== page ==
U.S. Treasurys traded sideways on Thursday with yields holding near their four-month lows as investors waited on Friday's highly anticipated payrolls employment report for signs whether the pace of economic growth is worsening more than expected.
Treasurys have rallied in the past week as more data points to slowing growth and inflation remains subdued, with many investors now taking a much more bearish view of the economy than in the first quarter.
The slowing economy has also led some to expect the Federal Reserve may continue its bond purchase program for longer than was previously expected, or increase the size of its monthly buybacks, in bid to propel growth.
The Fed said on Wednesday that it may increase or decrease its monthly bond purchases depending on the unemployment level and inflation. Most economists had thought the Fed would taper purchases in the second half of this year, and end them by the first quarter of 2014.
"All that talk of the Fed tapering purchases in the third or fourth quarter, the chances of that look very low," said Tom Graff, fixed-income portfolio manager at Brown Advisory in Baltimore, Maryland. "Meanwhile, the chances of them increasing QE bond purchases are probably around 50-50 now."
The U.S. central bank bought $1.53 billion in bonds due between 2036 and 2042 on Thursday as part of this program.
Benchmark 10-year notes yielded 1.62 percent on Thursday. They have fallen from over 1.70 percent a week ago and as high as 2.09 percent in March.
Increasing chatter that the Treasury may cut issuance of coupon-bearing debt as the deficit improves is also seen as having added a bid to the bonds. The Treasury said on Wednesday it would consider cuts, following weeks of market speculation that cuts may be imminent.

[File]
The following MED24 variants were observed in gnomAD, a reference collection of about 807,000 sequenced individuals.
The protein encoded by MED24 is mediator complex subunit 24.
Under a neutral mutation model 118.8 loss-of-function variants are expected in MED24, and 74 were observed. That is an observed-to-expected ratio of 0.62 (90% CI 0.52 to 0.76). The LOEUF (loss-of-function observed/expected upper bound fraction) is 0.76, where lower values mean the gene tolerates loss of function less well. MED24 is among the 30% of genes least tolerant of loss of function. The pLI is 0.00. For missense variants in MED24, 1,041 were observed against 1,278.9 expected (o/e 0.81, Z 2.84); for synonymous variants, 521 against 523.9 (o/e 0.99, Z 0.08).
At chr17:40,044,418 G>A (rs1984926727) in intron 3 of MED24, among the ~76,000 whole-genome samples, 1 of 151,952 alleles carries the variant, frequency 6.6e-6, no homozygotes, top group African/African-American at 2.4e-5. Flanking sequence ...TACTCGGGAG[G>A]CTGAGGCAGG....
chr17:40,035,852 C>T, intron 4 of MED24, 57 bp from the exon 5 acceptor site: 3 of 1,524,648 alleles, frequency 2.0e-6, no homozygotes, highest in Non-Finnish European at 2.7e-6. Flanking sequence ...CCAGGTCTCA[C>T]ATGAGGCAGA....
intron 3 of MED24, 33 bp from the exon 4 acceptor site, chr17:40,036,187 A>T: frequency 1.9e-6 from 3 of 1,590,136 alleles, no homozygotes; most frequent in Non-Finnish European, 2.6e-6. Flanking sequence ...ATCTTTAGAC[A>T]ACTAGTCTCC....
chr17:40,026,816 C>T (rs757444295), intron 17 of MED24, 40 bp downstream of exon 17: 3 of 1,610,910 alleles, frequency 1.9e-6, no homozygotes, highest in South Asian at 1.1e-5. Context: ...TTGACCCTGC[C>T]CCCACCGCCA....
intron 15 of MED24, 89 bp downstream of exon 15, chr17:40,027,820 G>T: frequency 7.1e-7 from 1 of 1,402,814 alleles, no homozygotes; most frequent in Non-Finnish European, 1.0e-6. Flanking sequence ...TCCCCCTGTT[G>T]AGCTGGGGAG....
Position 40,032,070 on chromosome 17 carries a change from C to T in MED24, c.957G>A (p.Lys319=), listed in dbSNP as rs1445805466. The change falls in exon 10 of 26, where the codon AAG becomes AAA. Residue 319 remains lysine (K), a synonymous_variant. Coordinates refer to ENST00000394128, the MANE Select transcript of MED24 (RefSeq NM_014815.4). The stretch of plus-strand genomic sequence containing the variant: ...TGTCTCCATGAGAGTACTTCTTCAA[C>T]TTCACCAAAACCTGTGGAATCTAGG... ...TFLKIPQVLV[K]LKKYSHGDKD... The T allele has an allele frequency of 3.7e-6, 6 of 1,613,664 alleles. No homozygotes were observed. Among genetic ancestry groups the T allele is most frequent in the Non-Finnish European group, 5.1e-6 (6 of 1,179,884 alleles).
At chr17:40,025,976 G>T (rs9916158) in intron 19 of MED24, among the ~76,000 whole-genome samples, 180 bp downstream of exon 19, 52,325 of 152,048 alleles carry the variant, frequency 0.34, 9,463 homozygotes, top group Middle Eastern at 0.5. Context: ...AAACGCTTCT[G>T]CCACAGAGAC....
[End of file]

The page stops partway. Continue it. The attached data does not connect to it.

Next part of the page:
The Treasury has been slashing issuance of Treasury bills as it accumulates more cash from strong tax receipts and prepares for a new round of negotiations over raising the debt ceiling later this month.
The expectation of additional purchases by foreign central banks including the Bank of Japan has also added to demand for the U.S. government debt.
"There's been an accumulation of influences that have driven rates to this point, the fear that the Fed would turn very dovish, combined with the fear of Japanese and other Asian buying, and rumors of immediate issuance cuts coming from Treasury," said Aaron Kohli, an interest rate strategist at BNP Paribas in New York.
The rally may have run too far too fast however, with most of these factors still under discussion, rather than being executed as yet, said Kohli. "All of those are to some extent more fears at this point than actual realizations," he said.
Kohli expects a mild beat or miss from consensus expectations for payrolls on Friday could cause a small selloff or rally in bonds, but said that a very negative number would be needed for benchmark 10-year notes to crack below the key 1.60 percent level.
If the yields drop below 1.60 percent, "at that point you are getting into a zone that is normally reserved for times of immediate crisis," he said.
Employers are expected to have added 145,000 jobs to their payrolls in April, according to the median of estimates by economists polled by Reuters.